When clients come to talk to me about their food issues they generally tell me in some way or another that what they want is to eat ‘mindfully’. They want to know if it’s food they really need and if they’re really hungry…all with the goal of being a normal eater.
When I probe a little deeper I usually hear that they think that by being ‘mindful’ around food they will eat less food by virtue of listening to what their body wants and ‘needs’.
I get a little twitchy when I hear clients likening mindful eating to eating less food because as biology and psychology would have it, trying to eat less food has been shown to result in rebellious eating at some point in time.
When I talk about mindful eating what I mean by this is: “Eating in a way that is based on the body’s individual, internal hunger cues, rather than food groups or amounts that are prescribed by some external authority” -Isabel Foxen Duke.
There are a plethora of coaches who support women to learn to connect to their appetite and satiation and as a coach who has worked with many women all over the world, I do feel mindful eating can certainly be a powerful tool in helping women to connect with food with more self awareness and presence….which is especially important, I believe, for those clients who tell me they ate a whole box of cookies and have ‘no’ idea where they all went.
However, I don’t feel mindful eating is the answer to the whole picture….And here’s why:
1. Mindful eating misses the emotional hunger:
I’ve seen a lot of coaches flaunt this idea that you should really only eat when you’re hungry, which I agree with but only in part.
I believe it’s those people who just see hunger as physical and only look out for these signs are missing a huge part of what it is to be a normal eater.
Eating to feel emotionally satisfied and well is a very significant part of the eating experience and I believe the people who miss this part end up being the people who when they eat a cupcake even though they aren’t hungry feel like a failure/ fat pig/ unloveable etc. More on this here.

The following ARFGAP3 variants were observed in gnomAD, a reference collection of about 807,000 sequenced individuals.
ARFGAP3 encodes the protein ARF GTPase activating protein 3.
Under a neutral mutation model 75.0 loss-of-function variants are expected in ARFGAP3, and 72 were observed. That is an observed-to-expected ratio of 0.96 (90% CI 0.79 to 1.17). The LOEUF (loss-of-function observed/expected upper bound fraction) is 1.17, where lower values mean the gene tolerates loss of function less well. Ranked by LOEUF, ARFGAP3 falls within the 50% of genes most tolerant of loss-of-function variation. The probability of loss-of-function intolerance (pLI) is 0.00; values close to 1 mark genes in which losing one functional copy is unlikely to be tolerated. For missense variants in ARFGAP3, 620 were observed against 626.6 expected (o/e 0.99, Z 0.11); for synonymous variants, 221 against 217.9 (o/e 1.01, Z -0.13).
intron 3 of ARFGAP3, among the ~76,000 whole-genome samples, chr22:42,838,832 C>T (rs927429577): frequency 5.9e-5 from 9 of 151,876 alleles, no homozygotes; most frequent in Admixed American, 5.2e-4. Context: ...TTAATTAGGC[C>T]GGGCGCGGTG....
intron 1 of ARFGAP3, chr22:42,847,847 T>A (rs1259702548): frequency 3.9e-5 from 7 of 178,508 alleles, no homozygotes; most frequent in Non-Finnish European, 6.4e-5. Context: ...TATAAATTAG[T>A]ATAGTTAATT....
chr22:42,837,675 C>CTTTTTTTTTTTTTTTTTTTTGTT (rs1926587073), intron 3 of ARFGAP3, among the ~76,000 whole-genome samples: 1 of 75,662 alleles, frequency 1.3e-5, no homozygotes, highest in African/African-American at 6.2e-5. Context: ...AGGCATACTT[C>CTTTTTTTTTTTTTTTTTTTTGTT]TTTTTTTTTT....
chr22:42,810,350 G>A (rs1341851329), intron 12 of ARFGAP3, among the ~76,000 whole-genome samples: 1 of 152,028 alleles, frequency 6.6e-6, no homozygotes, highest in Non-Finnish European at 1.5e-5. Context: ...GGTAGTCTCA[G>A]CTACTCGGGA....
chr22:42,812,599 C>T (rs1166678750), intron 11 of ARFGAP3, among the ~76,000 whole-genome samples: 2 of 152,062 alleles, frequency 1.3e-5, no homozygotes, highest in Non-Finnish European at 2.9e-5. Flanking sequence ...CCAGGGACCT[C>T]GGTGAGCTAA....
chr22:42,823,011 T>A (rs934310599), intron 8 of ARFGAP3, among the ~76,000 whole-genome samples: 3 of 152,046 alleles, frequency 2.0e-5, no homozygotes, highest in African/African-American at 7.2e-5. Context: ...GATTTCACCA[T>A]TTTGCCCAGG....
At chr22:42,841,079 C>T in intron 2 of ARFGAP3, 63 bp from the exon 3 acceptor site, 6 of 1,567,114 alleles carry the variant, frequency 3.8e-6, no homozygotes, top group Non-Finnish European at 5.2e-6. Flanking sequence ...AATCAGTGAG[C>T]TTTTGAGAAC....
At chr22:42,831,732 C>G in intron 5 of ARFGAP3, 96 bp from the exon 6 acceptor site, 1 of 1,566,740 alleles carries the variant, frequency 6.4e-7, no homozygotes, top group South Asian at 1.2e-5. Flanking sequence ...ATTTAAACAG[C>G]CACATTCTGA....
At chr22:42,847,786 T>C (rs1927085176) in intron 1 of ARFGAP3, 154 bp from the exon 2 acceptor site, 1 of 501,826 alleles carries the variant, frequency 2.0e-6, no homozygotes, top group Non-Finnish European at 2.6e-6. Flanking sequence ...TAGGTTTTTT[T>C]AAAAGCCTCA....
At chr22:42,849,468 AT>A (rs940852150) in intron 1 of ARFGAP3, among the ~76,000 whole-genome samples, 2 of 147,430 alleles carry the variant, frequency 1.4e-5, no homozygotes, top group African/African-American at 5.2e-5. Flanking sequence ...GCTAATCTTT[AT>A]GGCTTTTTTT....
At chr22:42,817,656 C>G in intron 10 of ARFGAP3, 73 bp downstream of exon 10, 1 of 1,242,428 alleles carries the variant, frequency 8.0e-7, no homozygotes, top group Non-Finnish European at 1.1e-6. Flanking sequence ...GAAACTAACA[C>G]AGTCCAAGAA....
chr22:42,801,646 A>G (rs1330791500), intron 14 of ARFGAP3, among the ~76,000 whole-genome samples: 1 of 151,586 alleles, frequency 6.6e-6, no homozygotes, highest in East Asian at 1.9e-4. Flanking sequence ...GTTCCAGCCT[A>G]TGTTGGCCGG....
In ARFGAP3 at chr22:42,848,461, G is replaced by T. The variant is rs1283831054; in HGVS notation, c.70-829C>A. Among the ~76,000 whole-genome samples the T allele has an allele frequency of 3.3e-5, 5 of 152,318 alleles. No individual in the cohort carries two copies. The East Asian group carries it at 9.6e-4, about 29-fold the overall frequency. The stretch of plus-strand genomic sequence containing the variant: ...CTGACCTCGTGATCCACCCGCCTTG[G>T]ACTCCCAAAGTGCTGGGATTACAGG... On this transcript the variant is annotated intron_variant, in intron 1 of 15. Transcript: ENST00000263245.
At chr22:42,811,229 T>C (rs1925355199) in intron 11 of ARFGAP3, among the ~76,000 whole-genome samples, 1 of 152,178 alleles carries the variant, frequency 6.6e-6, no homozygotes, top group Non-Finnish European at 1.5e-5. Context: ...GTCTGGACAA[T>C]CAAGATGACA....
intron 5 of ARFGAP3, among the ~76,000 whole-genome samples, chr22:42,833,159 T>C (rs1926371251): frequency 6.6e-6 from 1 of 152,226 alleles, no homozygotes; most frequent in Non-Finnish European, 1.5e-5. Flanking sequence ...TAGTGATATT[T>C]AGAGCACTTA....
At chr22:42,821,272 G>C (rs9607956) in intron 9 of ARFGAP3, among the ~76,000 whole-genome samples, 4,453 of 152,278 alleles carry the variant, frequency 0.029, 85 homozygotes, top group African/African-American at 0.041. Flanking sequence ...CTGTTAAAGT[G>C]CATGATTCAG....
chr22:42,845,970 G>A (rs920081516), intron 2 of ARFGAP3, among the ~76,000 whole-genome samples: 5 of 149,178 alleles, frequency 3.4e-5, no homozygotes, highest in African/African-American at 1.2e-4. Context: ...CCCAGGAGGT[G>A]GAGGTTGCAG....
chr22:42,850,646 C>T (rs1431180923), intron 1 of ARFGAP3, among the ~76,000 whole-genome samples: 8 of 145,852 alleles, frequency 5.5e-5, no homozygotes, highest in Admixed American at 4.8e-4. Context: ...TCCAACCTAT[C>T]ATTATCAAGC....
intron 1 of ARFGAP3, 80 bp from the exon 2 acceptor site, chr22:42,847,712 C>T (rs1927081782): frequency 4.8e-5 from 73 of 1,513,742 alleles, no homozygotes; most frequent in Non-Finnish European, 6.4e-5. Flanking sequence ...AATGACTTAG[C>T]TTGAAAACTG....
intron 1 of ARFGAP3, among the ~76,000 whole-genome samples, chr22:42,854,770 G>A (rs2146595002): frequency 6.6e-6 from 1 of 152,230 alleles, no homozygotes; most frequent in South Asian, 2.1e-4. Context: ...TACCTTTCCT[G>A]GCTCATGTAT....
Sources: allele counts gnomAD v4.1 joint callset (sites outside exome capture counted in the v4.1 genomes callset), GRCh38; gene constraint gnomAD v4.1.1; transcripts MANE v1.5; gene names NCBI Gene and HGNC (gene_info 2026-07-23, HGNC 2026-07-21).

The way mindful eating is taught involves tuning into your physical hunger ‘signals’. If you’re hungry- eat, if not- wait.
But what happens when you just want to eat because? I feel there’s this underlying “don’t-eat-emotionally-diet,” where women are taught that unless you’re physically hungry, you shouldn’t be eating.
I’ve written before about how I don’t feel emotionally eating is all that bad- which you can check out here. But I want to be clear here and mention again that those people who ignore the emotional satisfaction and connection with food are the ones who end up at some point diving head first into the brownies and cake….think about that one.
2. Mindful eating misses the body image piece:
I say this time and time again but a significant number of reasons why women end up feleing out of control around food is due to some body image issue.
I’m yet to work with a client who hasn’t initially told me something along the lines of “I watch my diet because I don’t want to put on weight”. It’s the weight stigma that I truly believe we have to address if changes around food are going to occur. In other words: When you can separate weight from self worth you’ll be able to eat in a completely different way.
3. Mindful eating doesn’t acknowledge that food is not your true focus:
I’d be missing an even bigger piece of the puzzle if I didn’t mention that food is not your purpose. Food is not what your life is calling out to you to become ‘aware’ of. Food isn’t what you really need to be questioning, being hypervigilant about.
I truly believe that your ‘hunger’ will subside when you start taking better care of yourself, when you develop self compassion and self acceptance. Without sounding fluffy and woo woo, when you’re able to fill the need that you’re hoping food will fill.
In summary, while I do feel mindful eating is helpful, it’s not the whole piece of the puzzle. I generally work with mindful eating principles in combination with doing the body image and self worth work.
Because truth be told I don’t actually care what you put in your mouth. I care about how you feel about what you put in your mouth. This is the big difference between a normal eater and someone who has issues with food.
If you need one last ‘nail in the coffin here’ there’s a lot of research that informs us that those people who blame, shame and judge food eat way more than the person who is calm, non judgemental and content with their food choices.
So let me remind you that it’s okay to eat a cupcake for no other reason than that you want one. You don’t need to dig deep and question and ponder- am I hungry or not? Is this trying to fix something?
I’ve got a blog post coming next week where I have asked a group of women to ask me for their questions around mindful eating. Stayed tuned for that Q & A.
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